After seven years of railing against Barack Obama’s signature healthcare plan, House Republicans failed to muster enough support to hold a vote for their replacement bill, the American Health Care Act, and have withdrawn it. Republicans needed 215 votes for the measure to pass. According to a Quinnipiac poll released on Thursday, only 17 percent of Americans supported the bill.
House Republicans and Democrats spent hours debating the bill on the floor ahead of the scheduled afternoon vote. On Friday, hours before the vote, Ryan reportedly met with Trump to tell him Republicans did not have the required number of votes to pass the bill. Just after the meeting, Washington Post reporter Robert Costa tweeted that the bill had been pulled.
The bill has been plagued with problems since it was introduced on March 6. The original draft maintained the protection of people with pre-existing conditions, allowed children to stay on a parent’s plan until 26, and continued to cover those on Medicaid. The plan did away with the Obamacare individual mandate, a fine imposed on those who can afford insurance but opted out, but instead allowed insurance companies to raise premiums on anyone who faces a lapse in insurance coverage. The plan also would freeze Medicaid expansion in 2020, meaning that millions of low-income people would lose access to healthcare. Overall, the bill benefited healthy and high-income Americans while putting low-income and sick people at a greater disadvantage. An analysis by the Congressional Budget Office found that 24 million Americans will lose insurance by 2026 if the AHCA replaces the ACA.
The House vote was originally scheduled for Thursday, March 23, but Republicans were unable to reach a consensus and delayed the vote until Friday. On Thursday night, to appease the demands of the ultraconservative House Freedom Caucus, House Speaker Paul Ryan quietly introduced an amendment that would gut the “essential health benefits” protected by Obamacare. Under the amendment, the healthcare replacement bill no longer protects women or those with pre-existing conditions from price discrimination by insurance companies, and does not require insurance companies to cover prenatal, maternity, or newborn care, emergency visits, prescription drugs, hospitalization, outpatient care, mental health care, and more. Instead, the amendment allows states to determine what is considered “essential.”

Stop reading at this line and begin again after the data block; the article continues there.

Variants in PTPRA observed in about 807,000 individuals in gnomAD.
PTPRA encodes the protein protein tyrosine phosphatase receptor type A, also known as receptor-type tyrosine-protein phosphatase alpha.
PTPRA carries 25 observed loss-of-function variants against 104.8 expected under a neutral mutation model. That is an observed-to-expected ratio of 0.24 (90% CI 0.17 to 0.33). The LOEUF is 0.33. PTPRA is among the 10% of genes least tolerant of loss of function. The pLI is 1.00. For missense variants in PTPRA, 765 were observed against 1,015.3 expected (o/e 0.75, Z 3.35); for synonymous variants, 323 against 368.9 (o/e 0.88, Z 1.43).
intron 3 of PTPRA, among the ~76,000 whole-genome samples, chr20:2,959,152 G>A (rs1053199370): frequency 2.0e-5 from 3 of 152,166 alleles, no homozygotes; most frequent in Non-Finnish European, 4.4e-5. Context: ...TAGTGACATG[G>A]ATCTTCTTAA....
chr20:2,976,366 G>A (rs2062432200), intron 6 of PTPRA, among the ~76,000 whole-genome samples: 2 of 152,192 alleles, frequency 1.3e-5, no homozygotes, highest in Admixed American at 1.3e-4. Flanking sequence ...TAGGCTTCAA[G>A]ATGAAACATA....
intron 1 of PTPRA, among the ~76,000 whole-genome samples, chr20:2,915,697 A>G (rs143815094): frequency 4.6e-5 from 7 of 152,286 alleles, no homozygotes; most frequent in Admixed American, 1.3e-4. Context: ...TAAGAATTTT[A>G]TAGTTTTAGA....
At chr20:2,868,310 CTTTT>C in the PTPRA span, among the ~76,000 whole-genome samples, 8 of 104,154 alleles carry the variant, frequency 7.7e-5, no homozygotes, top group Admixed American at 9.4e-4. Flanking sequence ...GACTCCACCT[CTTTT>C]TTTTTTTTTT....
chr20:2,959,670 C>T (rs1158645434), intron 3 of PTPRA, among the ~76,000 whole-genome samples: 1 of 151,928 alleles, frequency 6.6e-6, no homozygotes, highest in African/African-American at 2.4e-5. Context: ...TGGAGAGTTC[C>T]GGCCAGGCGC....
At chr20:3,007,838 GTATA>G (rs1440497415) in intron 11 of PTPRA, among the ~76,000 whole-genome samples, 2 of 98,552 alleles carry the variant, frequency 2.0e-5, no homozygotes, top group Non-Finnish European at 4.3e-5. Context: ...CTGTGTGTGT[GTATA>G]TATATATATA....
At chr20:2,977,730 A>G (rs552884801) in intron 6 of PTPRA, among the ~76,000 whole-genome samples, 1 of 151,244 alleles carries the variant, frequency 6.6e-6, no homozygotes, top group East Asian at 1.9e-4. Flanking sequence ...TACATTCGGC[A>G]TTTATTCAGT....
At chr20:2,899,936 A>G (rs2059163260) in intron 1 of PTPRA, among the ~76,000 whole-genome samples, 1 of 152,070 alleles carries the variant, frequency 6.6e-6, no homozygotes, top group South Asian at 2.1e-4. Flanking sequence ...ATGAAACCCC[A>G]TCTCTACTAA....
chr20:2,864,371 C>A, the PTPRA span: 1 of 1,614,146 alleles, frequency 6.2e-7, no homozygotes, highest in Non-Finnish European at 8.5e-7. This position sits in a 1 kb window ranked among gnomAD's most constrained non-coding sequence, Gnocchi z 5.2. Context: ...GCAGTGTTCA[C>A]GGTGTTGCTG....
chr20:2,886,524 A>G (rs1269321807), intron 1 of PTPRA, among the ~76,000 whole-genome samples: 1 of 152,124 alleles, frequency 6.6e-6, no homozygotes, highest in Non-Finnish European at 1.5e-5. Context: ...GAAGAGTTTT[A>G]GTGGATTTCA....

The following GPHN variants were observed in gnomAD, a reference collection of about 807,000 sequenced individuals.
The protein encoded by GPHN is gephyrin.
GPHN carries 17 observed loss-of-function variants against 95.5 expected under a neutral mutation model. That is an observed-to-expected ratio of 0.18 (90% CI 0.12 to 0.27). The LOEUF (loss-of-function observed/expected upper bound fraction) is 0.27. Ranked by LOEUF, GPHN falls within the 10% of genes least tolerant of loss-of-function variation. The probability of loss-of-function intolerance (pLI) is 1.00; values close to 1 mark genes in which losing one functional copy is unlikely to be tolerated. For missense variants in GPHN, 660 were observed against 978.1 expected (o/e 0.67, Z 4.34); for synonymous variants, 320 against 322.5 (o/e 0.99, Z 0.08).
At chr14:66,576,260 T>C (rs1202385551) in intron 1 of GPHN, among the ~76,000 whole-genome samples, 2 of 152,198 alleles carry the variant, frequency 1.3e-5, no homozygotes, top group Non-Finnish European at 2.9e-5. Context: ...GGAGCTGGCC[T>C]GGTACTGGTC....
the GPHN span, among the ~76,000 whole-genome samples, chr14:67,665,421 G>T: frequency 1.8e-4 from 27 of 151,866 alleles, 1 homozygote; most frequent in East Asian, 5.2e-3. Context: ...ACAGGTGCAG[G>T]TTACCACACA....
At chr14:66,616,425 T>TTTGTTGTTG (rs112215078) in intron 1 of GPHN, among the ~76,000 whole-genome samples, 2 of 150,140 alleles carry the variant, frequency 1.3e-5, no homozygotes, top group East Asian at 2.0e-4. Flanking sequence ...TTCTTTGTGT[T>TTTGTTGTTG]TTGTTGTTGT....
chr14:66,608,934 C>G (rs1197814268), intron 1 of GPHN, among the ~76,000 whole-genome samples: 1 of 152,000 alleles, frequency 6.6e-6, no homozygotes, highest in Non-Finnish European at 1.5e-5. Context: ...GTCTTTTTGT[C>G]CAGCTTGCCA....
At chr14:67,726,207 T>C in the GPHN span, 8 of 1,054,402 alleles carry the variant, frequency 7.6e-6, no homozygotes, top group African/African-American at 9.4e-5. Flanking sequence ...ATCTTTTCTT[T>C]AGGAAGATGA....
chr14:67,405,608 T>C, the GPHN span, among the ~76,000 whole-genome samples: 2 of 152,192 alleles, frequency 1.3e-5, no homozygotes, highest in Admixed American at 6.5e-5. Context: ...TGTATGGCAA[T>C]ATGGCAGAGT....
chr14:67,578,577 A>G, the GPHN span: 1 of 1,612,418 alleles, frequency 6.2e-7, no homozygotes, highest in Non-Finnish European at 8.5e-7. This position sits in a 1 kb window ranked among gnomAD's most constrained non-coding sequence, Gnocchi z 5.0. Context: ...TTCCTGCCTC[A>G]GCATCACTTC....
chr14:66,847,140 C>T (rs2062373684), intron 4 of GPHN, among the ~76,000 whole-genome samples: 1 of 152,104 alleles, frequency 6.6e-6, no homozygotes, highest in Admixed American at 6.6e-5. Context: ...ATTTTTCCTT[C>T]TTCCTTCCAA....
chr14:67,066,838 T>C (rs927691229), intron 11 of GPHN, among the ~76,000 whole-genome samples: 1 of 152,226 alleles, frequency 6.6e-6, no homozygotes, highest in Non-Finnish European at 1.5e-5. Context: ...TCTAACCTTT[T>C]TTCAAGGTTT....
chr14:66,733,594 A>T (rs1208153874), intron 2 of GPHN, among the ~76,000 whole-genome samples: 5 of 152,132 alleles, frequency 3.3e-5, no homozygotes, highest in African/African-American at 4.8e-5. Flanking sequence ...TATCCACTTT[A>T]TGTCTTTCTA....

Trump also issued Republicans an ultimatum on Thursday, demanding either that the House hold a vote and pass the AHCA as is, or the repeal effort dies and Obamacare stays. Led by Trump, the Republican’s years-long obsession with repealing Obamacare on Friday instead turned into a testament to Obamacare’s success.
Update (4:40 pm EST): In a press conference following the bill’s withdrawal, House Speaker Paul Ryan said, “I will not sugarcoat this, this is a disappointing day for us.” Ryan, who met with Trump to recommend pulling the bill, attributed the failure to reach a consensus as a result of “growing pains” of “moving from an opposition party to a governing party.” Though Ryan made last minute concessions to appease the House Freedom Caucus hardliners, he said that “not enough” caucus members supported the bill.
Costa, who spoke with Trump over the phone, told MSNBC that that “the bill’s not going to come up again, at least in the near future.” Trump attributed the bill’s failure to Democrats, who opposed it, and told the New York Times’s Maggie Haberman that he predicts Democrats will work for a compromise when Obamacare “explodes.”